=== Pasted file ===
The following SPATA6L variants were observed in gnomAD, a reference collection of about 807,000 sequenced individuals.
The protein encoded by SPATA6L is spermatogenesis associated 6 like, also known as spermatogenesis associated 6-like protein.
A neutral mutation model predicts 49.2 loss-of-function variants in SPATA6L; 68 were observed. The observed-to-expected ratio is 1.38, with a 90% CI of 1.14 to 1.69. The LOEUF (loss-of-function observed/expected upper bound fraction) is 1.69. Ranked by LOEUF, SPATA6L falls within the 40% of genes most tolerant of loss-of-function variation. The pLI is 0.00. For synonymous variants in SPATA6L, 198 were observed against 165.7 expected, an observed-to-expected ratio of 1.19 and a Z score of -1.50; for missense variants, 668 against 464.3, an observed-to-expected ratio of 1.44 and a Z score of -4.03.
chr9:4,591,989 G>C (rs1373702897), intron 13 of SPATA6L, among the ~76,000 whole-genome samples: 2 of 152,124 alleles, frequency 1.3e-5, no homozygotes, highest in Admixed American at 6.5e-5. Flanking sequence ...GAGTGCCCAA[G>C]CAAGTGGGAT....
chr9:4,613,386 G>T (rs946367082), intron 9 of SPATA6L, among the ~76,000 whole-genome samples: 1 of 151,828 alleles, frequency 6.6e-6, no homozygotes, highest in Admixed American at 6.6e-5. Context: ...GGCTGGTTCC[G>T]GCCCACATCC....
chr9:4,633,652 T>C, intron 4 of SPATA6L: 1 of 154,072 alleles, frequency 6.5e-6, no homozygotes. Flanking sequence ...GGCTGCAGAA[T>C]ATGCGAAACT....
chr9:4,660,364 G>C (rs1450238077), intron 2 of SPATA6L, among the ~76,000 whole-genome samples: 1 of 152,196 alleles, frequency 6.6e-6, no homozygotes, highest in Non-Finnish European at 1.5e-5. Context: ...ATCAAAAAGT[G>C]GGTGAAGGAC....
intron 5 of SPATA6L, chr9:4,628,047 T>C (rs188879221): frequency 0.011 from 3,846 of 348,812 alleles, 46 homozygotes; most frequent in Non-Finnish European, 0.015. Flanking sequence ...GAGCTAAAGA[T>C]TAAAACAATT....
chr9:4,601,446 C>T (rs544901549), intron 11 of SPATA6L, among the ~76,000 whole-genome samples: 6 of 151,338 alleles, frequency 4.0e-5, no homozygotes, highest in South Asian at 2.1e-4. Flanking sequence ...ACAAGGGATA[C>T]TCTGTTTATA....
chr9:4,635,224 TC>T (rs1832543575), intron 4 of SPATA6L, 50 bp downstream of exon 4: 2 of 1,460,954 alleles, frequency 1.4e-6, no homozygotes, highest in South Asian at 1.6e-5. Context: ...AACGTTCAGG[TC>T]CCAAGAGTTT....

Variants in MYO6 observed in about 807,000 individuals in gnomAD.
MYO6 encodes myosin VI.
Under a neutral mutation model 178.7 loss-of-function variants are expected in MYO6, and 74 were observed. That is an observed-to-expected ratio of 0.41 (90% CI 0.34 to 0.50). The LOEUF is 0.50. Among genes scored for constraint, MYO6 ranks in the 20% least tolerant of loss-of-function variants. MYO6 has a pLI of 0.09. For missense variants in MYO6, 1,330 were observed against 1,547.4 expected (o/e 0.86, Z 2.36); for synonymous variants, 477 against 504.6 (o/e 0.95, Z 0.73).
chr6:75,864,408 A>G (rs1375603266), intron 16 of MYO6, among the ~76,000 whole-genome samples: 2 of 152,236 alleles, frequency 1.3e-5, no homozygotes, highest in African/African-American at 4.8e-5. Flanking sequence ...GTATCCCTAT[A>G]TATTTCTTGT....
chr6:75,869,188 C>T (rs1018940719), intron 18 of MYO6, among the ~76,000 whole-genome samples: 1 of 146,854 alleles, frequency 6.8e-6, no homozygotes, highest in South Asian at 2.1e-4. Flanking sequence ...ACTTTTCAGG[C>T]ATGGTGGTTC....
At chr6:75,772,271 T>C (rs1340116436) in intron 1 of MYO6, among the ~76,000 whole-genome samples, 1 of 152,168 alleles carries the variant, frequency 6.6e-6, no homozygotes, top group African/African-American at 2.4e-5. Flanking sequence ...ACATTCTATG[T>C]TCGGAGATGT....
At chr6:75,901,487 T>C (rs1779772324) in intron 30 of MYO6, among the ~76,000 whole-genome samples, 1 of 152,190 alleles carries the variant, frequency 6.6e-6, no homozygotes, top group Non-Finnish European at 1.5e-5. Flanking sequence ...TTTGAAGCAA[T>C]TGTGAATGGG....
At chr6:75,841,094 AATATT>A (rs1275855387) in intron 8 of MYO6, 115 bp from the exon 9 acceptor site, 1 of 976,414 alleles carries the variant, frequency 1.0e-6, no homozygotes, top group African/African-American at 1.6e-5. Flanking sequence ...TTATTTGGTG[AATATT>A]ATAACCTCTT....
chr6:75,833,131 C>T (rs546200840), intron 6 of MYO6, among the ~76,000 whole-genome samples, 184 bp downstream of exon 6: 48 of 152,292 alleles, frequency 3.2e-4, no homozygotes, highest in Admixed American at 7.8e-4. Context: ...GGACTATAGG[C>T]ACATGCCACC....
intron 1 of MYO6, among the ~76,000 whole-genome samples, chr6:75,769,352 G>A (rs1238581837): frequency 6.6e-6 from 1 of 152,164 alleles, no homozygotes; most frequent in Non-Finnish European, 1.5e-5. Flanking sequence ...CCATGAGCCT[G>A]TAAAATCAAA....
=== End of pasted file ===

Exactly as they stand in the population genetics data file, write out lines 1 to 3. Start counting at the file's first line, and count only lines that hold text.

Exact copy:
The following SPATA6L variants were observed in gnomAD, a reference collection of about 807,000 sequenced individuals.
The protein encoded by SPATA6L is spermatogenesis associated 6 like, also known as spermatogenesis associated 6-like protein.
A neutral mutation model predicts 49.2 loss-of-function variants in SPATA6L; 68 were observed. The observed-to-expected ratio is 1.38, with a 90% CI of 1.14 to 1.69. The LOEUF (loss-of-function observed/expected upper bound fraction) is 1.69. Ranked by LOEUF, SPATA6L falls within the 40% of genes most tolerant of loss-of-function variation. The pLI is 0.00. For synonymous variants in SPATA6L, 198 were observed against 165.7 expected, an observed-to-expected ratio of 1.19 and a Z score of -1.50; for missense variants, 668 against 464.3, an observed-to-expected ratio of 1.44 and a Z score of -4.03.